Although government internet assistance awareness is high, participation is lower. According to our survey, just 28% of households have participated in programs that provide financial assistance for affordable internet options.

We don’t have data on the percentage of households eligible for these programs, so it’s not clear whether a high or low fraction of eligible households participate. However, it makes sense that participation skews lower than awareness, considering that the ACP is available only to internet users who qualify for certain government assistance programs.

Eligibility for government assistance programs

In order to take advantage of the ACP, at least one member of your household needs to meet certain criteria. They either need to participate in the free and reduced-price school lunch or school breakfast program; receive a Federal Pell Grant in the current award year; or be enrolled in the Special Supplemental Nutrition Program for Women, Infants, and Children (WIC). There are other options too—see our full guide on the ACP for more info.

It turns out that a lot of Americans feel left out of the ACP benefit. Our survey shows 53% of consumers believe they are not eligible for financial assistance with their internet or wireless bills.

Find the cheapest high-speed internet plans in your area.

Affordable internet plans: promo prices and equipment fees

Provider and plan
Promotional price
Equipment rental fee
Download speeds
Details
$60/mo.
$10.00/mo.72-245 Mbps
$55/mo.
$15.00/mo.300 Mbps
$49.99/mo. for 12 mos.
$5.00/mo.Up to 300 Mbps
$30/mo.
$10.00/mo.Up to 300 Mbps
$19.99/mo.
$14.00/mo.Up to 75 Mbps

Alternative internet access methods

So what happens if someone is renting and strapped for cash but doesn’t qualify for financial internet assistance? Luckily, there are other ways to access the internet.

While some folks surely opt to use their library or school Wi-Fi, mobile hotspots are surprisingly popular. An impressive 21% of consumers say they’ve relied on a hotspot from their phone to connect to the internet.

Usually, though, people can’t get by without a regular internet plan, so they’re left with scrimping and saving. Notably, 40% of households have made “sacrifices” in their budgets to afford their internet plans. As a comparison point, 38% make comparable sacrifices to afford mobile plans. That may explain why some folks opt for hotspots instead of a separate internet plan.

However you dice the data, consumers are struggling to afford internet access, and programs like the ACP help with that gap. Without them, accessing internet may become even more of a financial concern.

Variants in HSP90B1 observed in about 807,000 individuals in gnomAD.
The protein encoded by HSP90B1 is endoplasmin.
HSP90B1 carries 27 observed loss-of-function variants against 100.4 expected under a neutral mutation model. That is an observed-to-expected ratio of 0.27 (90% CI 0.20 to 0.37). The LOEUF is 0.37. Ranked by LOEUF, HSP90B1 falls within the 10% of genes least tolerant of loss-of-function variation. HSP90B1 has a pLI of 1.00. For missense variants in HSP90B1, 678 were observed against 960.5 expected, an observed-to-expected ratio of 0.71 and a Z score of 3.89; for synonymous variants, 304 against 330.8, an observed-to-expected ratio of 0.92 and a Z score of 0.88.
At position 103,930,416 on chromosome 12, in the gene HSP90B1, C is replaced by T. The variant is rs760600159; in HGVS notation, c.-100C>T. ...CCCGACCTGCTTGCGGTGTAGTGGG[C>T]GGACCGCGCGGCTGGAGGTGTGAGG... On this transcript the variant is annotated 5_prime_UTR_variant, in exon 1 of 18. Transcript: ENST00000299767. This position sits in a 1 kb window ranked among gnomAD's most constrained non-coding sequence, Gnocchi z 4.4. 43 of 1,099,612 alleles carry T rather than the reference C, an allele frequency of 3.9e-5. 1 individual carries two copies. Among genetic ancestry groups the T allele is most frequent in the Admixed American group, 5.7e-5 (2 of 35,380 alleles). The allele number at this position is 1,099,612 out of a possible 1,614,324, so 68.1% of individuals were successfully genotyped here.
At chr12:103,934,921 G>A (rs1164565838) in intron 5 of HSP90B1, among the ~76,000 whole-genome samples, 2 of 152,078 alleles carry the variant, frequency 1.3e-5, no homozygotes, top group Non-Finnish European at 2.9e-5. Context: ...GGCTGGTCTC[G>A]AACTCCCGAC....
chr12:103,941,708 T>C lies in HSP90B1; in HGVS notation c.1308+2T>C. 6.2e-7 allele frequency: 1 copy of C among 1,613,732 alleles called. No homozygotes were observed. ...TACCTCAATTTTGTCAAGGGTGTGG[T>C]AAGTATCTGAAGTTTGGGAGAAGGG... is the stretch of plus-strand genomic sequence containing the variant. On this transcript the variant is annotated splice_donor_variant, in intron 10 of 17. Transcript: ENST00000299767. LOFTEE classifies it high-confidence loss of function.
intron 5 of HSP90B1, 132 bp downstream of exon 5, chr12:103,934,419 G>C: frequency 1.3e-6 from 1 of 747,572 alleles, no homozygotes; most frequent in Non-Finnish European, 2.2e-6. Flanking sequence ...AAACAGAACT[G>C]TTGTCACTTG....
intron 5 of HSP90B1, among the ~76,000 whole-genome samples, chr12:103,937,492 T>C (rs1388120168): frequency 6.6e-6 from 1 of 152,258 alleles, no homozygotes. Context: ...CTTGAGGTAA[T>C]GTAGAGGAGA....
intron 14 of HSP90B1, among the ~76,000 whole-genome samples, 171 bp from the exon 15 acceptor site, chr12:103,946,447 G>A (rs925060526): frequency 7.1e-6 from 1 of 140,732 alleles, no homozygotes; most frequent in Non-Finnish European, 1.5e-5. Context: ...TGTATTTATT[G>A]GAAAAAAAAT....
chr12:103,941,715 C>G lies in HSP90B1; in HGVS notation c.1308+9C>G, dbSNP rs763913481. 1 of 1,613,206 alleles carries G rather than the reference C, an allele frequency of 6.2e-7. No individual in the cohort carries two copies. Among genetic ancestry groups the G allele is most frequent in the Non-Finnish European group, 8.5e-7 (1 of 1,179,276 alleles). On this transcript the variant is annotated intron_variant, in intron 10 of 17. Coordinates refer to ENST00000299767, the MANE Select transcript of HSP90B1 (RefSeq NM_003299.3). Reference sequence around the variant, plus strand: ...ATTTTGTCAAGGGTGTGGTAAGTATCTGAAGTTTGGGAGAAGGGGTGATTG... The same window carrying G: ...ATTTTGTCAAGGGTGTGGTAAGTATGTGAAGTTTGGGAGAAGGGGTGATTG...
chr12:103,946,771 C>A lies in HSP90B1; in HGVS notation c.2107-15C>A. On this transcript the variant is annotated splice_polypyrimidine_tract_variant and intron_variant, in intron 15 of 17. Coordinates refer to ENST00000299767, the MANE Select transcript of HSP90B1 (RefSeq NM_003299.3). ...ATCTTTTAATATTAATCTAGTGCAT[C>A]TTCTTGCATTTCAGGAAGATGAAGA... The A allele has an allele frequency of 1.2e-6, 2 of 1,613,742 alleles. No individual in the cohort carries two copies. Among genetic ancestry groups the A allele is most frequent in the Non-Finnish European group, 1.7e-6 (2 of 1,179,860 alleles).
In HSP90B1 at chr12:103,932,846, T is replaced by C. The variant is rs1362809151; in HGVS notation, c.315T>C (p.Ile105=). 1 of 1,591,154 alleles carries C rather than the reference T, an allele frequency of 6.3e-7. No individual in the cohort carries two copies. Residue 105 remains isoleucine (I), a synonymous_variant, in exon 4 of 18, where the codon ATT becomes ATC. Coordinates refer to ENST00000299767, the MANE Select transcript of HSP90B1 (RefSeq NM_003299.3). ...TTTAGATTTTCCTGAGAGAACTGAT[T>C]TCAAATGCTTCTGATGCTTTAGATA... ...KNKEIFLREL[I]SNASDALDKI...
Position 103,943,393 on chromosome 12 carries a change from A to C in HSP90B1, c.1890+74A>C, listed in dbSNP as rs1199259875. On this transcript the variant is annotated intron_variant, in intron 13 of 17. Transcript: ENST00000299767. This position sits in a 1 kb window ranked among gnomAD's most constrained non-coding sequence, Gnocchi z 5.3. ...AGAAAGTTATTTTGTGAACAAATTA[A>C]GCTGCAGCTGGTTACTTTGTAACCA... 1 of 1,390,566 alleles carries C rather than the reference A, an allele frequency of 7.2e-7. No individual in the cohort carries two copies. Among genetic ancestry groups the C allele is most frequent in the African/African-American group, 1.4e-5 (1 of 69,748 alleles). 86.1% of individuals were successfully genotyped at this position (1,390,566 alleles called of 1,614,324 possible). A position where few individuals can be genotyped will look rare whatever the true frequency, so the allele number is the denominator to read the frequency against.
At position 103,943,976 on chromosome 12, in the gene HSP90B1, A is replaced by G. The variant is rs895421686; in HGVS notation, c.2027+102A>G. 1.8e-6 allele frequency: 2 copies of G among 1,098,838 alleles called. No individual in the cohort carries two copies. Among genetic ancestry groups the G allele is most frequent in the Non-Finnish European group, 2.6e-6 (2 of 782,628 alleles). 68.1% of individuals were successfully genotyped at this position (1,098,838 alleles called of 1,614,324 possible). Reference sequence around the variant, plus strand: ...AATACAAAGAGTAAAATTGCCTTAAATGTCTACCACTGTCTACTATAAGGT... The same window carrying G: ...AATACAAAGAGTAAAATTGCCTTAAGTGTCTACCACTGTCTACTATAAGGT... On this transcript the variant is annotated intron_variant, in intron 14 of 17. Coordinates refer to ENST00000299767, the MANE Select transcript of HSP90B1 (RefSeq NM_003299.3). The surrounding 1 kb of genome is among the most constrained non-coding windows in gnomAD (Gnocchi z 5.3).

Methodology

To get the data we use in this piece, Reviews.org surveyed 1,000 Americans 16 years and older in October 2023 with a +/- 4% margin of error and a confidence level of 95%.

We also reference a previous study we did about the state of consumer media spending.

Brianne Sandorf
Written by
Brianne Sandorf
Brianne has a degree in English and creative writing from Westminster College and has spent 6+ years writing professional, research-based content. Before joining Reviews.org, she wrote safety and security content for ASecureLife.com. Her pieces and quotes are published across the web, including on MSN.com, Social Catfish, and Parents.com. Hobbies include wearing a seatbelt, wearing a life jacket, and keeping her arms and legs inside the ride at all times. Contact her at brianne@reviews.org.

Related Articles

woman sitting on couch next to a dog using laptop
ACP Enrollments Are Closed—Here Are Other Ways To Get Affordable Internet
Worried about losing your ACP credit? Here are other ways to get affordable internet, plus...
An African-American man works at a desk with a laptop
CenturyLink Internet Review
Are CenturyLink prices as good as they seem? We spill the beans on its Price...
Young family using Cox internet in their living room
Cox Bundles Review
Save hundreds of dollars by combining your cell phone plan and internet service with Cox.
A man lies on a brown couch and shops online with his laptop
Cheapest Internet and Wi-Fi Providers
Looking for cheap internet? Read our review to find the best cheap internet and Wi-Fi...